Delete
  3. [property site:friendsofedgewood.org]

    [Henry Finkler]

    Henry Finkler became the owner of the land in 1908. He has been secretary at the California Supreme Court for more than 50 years and left this world on his property on November 18, 1930 by shooting himself through the heart a few years after the death of his wife. He is buried at the Union Cemetery, in the masonic order's plot (here's a pic of the grave, with the masonic symbol: http://www.historicunioncemetery.com/archives/markers/FinklerHenryC_20110910_EMC.jpg). Finkler has been state champion in high weel bicycle riding (long and short distances). He invented and patented a roller-brake (Patent number: 488066 Filing date: Aug 29, 1892 Issue date: Dec 13, 1892). The man had a special interest for weather statistics.



    ReplyDelete
  4. 1. Who owned the land that would become Edgewood Park between (around) 1908 until his death in 1930?   
    Query Land Records San Mateo County - I don't have legal description or landowner so finding results would prove difficult. On to another direction...
    Location and time frame are known. Query to begin with history of the park EdgewoodPark>Bill and Jean Education Center>Friends of Edgewood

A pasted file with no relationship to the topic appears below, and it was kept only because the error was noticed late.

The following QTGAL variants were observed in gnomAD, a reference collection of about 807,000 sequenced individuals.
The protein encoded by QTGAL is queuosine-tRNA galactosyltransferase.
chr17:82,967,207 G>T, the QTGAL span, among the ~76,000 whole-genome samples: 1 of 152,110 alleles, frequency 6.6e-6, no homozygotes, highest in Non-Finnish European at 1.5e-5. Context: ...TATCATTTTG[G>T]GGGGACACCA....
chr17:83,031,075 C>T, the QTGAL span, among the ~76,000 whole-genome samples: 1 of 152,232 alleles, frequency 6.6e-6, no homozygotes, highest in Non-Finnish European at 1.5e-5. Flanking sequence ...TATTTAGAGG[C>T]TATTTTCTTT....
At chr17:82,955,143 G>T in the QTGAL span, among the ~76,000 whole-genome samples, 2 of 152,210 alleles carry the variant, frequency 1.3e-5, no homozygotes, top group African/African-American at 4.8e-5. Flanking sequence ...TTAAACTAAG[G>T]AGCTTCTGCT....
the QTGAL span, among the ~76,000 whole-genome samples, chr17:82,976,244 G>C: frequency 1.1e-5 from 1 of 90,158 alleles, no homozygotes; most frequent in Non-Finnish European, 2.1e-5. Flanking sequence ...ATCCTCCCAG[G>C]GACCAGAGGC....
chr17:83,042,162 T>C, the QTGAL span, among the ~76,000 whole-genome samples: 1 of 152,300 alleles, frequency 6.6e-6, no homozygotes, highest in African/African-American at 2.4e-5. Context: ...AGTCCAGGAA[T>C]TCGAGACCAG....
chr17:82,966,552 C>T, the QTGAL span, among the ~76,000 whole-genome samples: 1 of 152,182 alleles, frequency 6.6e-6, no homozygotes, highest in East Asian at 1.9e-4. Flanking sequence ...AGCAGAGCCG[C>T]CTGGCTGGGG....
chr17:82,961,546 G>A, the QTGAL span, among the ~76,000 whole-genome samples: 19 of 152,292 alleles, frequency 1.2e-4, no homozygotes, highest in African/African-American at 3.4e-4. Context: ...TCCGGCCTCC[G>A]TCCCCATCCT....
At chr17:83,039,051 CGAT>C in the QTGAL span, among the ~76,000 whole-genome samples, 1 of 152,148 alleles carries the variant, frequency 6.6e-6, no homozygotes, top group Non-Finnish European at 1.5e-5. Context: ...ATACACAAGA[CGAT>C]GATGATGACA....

http://www.friendsofedgewood.org/voices-of-edgewood-past-and-present
    Francis “Butch” Taylor reminisces about his family growing up on the land that would become Edgewood County Park. He describes his father-in law, Benjamin Grant Taylor and his connection to the Finklers and the land. He reflects on his experiences raising a family and assorted pets at Edgewood, and life in general in rural San Mateo County in the mid 20th century.
    Taylors were connected to the Finklers. Query Finkler Edgewood Park (important to note the family name Taylor when it comes to the legal battle over his will, very interesting and leaves you wondering).
    Newletter "Friends of Edgewood" August 1997
    #1 Answer "In 1908 Henry C. Finkler purchased the land"(200 acres) Confirmation needed
    Confirmation http://plaintiffmagazine.com/TOC%20Aug12%20page.html